Goodbye, ancient one

28 10 2022

We’ve had an old peppermint tree (Agonis flexuosa) growing on our property, likely for many generations. But it’s had, and has caused, some problems—the most recent was a tree limb snapping off without warning and landing on the driveway, and previous to that, termites, and branches overhanging the house. We’ve had the overhanging branches lopped several times and had treated the termites. This is the only tree close to our house and it’s many tens of thousands of dollars cheaper to lop a few limbs every few years than to replace an entire smashed corner of a double-brick house!

But with the latest unexpected branch drop, we realised it was time for the tree to go. Who knows what would happen in a big storm with gale-force winds coming from the north-west as they do? Or in a bushfire (the oil in the leaves is highly volatile)?

I contacted the people who’d previously done our lopping, but 2 months after accepting their quote, they still couldn’t give me a date when they’d come. I found another company and the owner came out the next day, gave me a quote on the spot ($400 cheaper than the first quote) and told me it would likely be done within 3-4 weeks. Two weeks later I get a text to see if 7:15am in a couple of days time was OK—sure was!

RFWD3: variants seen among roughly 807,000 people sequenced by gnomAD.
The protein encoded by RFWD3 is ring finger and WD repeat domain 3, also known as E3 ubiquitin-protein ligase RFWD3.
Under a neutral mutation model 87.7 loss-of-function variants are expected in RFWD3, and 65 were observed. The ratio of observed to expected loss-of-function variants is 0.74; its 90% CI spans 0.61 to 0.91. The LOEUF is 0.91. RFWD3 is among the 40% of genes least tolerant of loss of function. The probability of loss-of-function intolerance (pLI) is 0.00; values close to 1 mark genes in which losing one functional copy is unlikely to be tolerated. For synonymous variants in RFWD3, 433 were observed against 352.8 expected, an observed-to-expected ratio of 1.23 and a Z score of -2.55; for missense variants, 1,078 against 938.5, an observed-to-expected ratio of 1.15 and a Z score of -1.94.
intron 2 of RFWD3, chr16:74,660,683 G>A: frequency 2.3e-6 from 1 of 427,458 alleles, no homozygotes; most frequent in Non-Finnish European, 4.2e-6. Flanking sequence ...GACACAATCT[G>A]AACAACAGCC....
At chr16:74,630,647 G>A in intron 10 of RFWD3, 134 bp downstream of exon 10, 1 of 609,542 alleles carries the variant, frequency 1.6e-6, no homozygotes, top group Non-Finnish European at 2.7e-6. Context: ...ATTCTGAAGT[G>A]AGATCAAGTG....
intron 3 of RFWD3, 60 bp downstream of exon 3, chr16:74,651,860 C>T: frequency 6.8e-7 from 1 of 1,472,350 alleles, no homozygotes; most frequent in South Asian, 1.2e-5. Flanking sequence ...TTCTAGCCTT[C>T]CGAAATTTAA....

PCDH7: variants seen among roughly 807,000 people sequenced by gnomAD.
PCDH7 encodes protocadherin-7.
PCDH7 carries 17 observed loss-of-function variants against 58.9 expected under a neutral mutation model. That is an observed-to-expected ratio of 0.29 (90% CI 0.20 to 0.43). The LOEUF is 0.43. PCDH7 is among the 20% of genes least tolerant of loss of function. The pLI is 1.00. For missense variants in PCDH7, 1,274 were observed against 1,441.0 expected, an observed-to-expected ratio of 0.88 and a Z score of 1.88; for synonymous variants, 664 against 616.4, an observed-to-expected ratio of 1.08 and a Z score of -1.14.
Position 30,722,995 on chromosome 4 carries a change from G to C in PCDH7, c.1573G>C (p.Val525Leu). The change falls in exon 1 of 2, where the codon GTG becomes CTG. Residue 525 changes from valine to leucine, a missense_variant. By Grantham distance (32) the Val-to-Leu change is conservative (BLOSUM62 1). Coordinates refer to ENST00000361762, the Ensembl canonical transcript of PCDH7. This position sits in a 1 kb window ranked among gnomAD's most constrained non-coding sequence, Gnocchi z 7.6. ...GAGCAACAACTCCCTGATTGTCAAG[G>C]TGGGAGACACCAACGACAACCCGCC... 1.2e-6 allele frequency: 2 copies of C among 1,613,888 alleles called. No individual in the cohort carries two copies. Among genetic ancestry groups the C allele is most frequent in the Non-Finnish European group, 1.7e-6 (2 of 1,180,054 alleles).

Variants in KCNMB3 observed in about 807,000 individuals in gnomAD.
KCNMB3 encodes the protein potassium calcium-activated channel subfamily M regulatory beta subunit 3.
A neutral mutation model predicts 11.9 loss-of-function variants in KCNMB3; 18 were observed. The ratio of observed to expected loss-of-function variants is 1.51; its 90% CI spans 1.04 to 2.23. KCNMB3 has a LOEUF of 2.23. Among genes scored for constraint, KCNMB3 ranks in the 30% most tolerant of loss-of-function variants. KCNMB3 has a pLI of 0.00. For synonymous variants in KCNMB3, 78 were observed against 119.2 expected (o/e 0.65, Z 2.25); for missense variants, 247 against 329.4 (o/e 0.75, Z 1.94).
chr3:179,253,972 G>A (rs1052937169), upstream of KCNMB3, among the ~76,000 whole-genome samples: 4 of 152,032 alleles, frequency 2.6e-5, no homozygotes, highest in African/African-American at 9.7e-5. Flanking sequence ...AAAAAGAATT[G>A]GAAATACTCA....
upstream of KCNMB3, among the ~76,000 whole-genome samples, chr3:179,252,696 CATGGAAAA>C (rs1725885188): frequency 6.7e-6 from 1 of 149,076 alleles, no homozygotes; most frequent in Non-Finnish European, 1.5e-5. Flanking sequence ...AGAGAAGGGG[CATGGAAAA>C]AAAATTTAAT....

They turned up at 7am with ALL the regalia—about 4 trucks, a big cherry-picker crane, the wood chipper, a small piece of equipment that could pick up big logs and put them into the back of a truck, etc. By 7:15 they were into it, and within 2 hours they were all done, had cleaned up the site, and taken all bits of the tree away. They also poisoned the stump to hopefully prevent new shoots from forming. They couldn’t grind the stump because of its location on a narrow retaining wall at least a metre off the ground, and they couldn’t cut it down too close to the ground as the base of it was way too big for their various size chainsaws.

I was particularly impressed with their professionalism—using a cherry-picker crane to get to the high branches instead of shimmying up the tree with ropes and leaving chainsaws hanging in the air, using chains and a small loader thing to lift the large trunk piece, and cleaning up. The boss was also training a younger chap, and he spent time showing the young bloke the right way to do things. And they all wore the appropriate safety gear.

From beginning to end…